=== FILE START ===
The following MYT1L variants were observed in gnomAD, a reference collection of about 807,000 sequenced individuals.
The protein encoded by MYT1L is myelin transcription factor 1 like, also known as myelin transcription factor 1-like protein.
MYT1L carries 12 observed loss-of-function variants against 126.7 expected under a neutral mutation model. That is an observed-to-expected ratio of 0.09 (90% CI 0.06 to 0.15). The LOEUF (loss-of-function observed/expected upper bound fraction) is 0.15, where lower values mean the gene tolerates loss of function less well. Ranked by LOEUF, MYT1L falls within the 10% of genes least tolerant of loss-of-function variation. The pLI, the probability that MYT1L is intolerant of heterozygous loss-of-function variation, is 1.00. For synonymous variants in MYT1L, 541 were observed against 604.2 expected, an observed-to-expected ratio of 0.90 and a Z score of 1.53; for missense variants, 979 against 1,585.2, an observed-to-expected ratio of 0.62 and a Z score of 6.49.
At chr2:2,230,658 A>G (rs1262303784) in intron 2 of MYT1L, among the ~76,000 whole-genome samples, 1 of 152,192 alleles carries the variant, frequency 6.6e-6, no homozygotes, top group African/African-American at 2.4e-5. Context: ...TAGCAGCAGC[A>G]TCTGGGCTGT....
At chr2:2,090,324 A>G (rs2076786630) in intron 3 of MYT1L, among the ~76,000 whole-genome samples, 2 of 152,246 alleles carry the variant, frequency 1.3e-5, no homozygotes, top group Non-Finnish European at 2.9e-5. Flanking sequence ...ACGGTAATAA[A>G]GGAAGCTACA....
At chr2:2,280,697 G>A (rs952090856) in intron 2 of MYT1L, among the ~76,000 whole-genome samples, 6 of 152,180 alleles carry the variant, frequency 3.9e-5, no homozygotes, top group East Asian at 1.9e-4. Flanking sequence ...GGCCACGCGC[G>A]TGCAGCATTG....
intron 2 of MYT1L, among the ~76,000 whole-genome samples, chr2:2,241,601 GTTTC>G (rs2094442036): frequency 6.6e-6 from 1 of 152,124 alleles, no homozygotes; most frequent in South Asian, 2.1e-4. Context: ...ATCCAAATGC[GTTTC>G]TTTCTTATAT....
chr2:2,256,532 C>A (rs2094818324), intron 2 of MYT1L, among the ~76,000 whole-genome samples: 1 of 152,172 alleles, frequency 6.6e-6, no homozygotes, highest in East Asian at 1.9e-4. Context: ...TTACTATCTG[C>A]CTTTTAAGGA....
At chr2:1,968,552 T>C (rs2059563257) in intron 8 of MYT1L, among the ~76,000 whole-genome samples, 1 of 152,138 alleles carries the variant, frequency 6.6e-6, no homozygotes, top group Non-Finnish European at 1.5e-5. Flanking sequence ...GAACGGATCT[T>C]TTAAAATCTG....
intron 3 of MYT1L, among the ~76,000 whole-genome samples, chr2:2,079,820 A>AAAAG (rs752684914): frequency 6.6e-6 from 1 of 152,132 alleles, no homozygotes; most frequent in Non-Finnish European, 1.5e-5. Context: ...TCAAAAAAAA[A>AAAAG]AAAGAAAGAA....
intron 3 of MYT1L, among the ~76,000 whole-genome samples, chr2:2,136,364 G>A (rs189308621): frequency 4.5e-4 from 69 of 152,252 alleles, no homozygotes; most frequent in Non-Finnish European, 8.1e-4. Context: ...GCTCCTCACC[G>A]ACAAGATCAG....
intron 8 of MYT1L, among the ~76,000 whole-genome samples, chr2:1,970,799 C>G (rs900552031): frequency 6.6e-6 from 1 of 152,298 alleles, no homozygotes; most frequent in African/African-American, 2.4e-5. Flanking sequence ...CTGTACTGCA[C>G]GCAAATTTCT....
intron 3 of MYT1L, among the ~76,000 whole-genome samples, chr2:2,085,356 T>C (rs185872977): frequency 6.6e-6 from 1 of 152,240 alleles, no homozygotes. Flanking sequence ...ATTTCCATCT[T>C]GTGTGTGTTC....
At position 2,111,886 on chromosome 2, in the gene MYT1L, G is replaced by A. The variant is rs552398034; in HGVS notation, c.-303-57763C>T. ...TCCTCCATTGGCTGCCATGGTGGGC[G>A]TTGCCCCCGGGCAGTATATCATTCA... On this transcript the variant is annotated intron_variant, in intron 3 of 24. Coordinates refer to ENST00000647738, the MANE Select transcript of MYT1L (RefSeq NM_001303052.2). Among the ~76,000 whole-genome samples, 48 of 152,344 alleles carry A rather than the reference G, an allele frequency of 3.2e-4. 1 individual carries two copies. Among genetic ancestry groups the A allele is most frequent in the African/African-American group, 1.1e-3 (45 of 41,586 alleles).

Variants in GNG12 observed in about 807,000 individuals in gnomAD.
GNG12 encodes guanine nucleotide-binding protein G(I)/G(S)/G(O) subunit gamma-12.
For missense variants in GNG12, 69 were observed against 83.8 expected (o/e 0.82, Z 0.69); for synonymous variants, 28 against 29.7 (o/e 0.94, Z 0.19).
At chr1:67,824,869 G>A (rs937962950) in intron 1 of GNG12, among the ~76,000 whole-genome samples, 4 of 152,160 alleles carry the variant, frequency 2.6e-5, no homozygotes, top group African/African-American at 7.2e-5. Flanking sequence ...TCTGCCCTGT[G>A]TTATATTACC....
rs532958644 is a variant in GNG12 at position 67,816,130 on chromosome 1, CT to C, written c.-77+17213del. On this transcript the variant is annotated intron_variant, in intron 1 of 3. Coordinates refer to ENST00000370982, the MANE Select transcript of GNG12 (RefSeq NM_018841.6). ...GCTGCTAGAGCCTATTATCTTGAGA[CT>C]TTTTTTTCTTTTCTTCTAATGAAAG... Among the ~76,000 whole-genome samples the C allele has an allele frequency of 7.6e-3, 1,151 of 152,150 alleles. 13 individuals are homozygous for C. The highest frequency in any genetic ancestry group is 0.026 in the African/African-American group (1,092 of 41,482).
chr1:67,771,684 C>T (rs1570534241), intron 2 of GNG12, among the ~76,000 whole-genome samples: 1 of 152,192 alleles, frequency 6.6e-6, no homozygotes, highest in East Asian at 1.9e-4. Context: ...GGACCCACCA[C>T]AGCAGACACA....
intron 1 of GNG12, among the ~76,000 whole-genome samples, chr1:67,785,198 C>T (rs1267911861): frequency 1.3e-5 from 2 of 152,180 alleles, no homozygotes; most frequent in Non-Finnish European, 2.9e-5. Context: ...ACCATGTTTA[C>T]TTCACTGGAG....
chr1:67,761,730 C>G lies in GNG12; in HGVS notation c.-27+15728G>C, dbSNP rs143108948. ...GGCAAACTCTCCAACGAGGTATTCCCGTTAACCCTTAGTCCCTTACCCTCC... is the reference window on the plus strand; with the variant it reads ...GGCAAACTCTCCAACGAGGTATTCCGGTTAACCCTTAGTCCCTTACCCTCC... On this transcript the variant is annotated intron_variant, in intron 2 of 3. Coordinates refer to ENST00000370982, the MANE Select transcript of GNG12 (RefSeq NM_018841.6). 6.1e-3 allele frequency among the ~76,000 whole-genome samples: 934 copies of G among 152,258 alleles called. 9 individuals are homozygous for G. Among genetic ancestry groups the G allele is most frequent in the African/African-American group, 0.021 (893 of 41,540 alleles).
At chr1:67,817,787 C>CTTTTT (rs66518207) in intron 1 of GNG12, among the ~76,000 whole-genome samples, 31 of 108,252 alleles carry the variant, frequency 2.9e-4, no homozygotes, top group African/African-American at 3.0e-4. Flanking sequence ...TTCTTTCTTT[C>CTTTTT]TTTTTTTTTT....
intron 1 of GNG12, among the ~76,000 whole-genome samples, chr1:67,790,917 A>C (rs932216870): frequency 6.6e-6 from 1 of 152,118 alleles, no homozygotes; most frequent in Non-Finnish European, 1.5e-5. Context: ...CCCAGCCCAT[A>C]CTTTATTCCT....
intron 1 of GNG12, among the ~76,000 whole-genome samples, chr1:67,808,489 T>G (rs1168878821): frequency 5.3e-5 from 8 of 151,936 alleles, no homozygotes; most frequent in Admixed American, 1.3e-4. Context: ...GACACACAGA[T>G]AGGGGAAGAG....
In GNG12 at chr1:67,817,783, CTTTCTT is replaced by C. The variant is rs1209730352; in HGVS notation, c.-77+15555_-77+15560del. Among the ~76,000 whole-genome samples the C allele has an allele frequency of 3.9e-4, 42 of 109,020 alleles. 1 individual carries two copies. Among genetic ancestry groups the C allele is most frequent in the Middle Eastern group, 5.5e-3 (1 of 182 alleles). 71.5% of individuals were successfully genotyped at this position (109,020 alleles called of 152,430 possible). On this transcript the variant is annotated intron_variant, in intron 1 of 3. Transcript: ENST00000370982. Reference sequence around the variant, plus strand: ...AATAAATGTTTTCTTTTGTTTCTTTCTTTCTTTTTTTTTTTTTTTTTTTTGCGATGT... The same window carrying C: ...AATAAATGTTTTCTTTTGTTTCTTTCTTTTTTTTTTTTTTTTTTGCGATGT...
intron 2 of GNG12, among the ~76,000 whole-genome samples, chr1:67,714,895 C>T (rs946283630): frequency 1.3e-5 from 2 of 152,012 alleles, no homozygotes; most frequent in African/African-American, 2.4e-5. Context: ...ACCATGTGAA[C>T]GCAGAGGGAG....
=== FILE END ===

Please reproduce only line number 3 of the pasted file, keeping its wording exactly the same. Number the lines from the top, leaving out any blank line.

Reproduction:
MYT1L carries 12 observed loss-of-function variants against 126.7 expected under a neutral mutation model. That is an observed-to-expected ratio of 0.09 (90% CI 0.06 to 0.15). The LOEUF (loss-of-function observed/expected upper bound fraction) is 0.15, where lower values mean the gene tolerates loss of function less well. Ranked by LOEUF, MYT1L falls within the 10% of genes least tolerant of loss-of-function variation. The pLI, the probability that MYT1L is intolerant of heterozygous loss-of-function variation, is 1.00. For synonymous variants in MYT1L, 541 were observed against 604.2 expected, an observed-to-expected ratio of 0.90 and a Z score of 1.53; for missense variants, 979 against 1,585.2, an observed-to-expected ratio of 0.62 and a Z score of 6.49.